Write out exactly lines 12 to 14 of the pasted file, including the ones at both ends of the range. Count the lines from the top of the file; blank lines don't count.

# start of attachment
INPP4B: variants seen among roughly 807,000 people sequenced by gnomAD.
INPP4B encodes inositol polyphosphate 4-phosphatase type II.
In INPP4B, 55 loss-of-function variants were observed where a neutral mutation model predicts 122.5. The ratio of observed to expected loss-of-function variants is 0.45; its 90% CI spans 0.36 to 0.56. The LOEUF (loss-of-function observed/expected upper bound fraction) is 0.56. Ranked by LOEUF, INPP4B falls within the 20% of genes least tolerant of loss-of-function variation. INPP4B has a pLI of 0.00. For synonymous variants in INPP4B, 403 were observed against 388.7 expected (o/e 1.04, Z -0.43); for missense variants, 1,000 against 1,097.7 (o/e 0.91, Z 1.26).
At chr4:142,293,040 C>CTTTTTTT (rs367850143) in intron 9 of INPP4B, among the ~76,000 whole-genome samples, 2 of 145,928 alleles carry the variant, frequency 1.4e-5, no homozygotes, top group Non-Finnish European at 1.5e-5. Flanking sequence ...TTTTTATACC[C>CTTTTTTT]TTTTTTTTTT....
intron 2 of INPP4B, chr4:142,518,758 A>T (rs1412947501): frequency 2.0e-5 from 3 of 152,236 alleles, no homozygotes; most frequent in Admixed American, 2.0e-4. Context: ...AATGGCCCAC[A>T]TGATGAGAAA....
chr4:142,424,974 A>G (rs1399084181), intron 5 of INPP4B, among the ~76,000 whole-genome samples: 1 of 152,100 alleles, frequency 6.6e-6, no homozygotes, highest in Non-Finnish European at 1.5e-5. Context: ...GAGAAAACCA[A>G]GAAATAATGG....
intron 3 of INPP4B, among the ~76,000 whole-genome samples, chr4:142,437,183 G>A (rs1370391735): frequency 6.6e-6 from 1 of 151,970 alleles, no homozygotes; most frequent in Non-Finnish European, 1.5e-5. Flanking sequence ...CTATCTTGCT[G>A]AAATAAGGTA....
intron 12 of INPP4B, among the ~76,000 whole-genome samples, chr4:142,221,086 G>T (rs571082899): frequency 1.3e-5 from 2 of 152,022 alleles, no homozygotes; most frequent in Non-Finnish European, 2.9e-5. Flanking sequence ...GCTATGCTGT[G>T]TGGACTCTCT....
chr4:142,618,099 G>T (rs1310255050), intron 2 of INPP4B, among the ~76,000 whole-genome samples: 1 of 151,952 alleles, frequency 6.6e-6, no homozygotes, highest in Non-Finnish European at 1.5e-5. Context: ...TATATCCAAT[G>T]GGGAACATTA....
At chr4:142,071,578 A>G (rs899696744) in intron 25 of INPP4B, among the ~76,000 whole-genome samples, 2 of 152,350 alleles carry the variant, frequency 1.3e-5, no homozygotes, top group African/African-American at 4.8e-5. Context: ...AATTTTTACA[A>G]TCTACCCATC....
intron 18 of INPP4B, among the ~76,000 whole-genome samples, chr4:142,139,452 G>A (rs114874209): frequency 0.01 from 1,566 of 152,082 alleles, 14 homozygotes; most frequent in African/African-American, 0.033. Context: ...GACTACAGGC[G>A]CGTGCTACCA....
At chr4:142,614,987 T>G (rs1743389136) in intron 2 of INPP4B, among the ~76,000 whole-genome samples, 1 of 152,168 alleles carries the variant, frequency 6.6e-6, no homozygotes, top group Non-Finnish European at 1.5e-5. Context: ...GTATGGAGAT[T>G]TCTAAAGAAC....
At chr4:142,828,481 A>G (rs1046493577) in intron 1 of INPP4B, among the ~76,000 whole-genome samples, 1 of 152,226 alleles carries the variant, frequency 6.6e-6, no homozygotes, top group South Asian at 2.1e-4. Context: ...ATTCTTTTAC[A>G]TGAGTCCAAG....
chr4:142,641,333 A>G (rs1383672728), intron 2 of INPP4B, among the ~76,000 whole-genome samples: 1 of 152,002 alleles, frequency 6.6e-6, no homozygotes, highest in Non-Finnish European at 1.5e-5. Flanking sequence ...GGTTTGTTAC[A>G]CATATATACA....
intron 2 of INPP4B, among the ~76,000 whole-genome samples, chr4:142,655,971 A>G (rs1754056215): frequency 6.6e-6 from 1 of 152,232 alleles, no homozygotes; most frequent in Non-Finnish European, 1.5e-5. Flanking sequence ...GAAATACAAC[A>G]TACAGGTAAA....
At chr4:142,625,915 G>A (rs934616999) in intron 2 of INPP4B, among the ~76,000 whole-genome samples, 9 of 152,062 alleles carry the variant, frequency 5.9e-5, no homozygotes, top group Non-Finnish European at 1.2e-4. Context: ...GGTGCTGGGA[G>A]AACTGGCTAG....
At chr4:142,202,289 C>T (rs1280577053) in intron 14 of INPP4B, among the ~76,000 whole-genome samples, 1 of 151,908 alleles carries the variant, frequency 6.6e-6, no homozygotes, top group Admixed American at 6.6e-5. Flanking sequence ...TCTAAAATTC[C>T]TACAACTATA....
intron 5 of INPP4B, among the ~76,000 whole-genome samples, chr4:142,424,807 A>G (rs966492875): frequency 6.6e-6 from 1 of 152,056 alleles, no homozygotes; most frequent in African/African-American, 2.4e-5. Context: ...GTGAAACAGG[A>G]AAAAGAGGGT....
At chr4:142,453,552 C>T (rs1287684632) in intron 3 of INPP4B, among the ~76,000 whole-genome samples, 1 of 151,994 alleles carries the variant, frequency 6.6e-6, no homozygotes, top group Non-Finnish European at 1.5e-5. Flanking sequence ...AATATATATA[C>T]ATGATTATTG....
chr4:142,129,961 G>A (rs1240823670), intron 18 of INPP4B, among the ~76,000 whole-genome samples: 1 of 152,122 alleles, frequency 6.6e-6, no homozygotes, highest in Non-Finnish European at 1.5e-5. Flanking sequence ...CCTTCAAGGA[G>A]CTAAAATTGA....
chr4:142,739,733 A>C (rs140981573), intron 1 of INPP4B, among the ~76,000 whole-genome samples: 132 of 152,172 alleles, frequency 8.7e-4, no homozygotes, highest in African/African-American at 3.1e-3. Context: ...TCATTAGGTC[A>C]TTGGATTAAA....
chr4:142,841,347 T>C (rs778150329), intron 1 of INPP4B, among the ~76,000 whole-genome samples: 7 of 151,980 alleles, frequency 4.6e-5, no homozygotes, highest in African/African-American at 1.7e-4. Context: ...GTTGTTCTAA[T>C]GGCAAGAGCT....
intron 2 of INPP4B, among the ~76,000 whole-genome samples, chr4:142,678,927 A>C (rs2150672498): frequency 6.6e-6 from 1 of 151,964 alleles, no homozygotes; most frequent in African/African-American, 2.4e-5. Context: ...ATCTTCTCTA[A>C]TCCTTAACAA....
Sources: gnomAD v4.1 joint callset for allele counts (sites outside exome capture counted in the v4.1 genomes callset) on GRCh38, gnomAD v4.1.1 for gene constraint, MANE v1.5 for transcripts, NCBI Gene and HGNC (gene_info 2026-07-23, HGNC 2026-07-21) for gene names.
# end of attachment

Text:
At chr4:142,614,987 T>G (rs1743389136) in intron 2 of INPP4B, among the ~76,000 whole-genome samples, 1 of 152,168 alleles carries the variant, frequency 6.6e-6, no homozygotes, top group Non-Finnish European at 1.5e-5. Context: ...GTATGGAGAT[T>G]TCTAAAGAAC....
At chr4:142,828,481 A>G (rs1046493577) in intron 1 of INPP4B, among the ~76,000 whole-genome samples, 1 of 152,226 alleles carries the variant, frequency 6.6e-6, no homozygotes, top group South Asian at 2.1e-4. Context: ...ATTCTTTTAC[A>G]TGAGTCCAAG....
chr4:142,641,333 A>G (rs1383672728), intron 2 of INPP4B, among the ~76,000 whole-genome samples: 1 of 152,002 alleles, frequency 6.6e-6, no homozygotes, highest in Non-Finnish European at 1.5e-5. Flanking sequence ...GGTTTGTTAC[A>G]CATATATACA....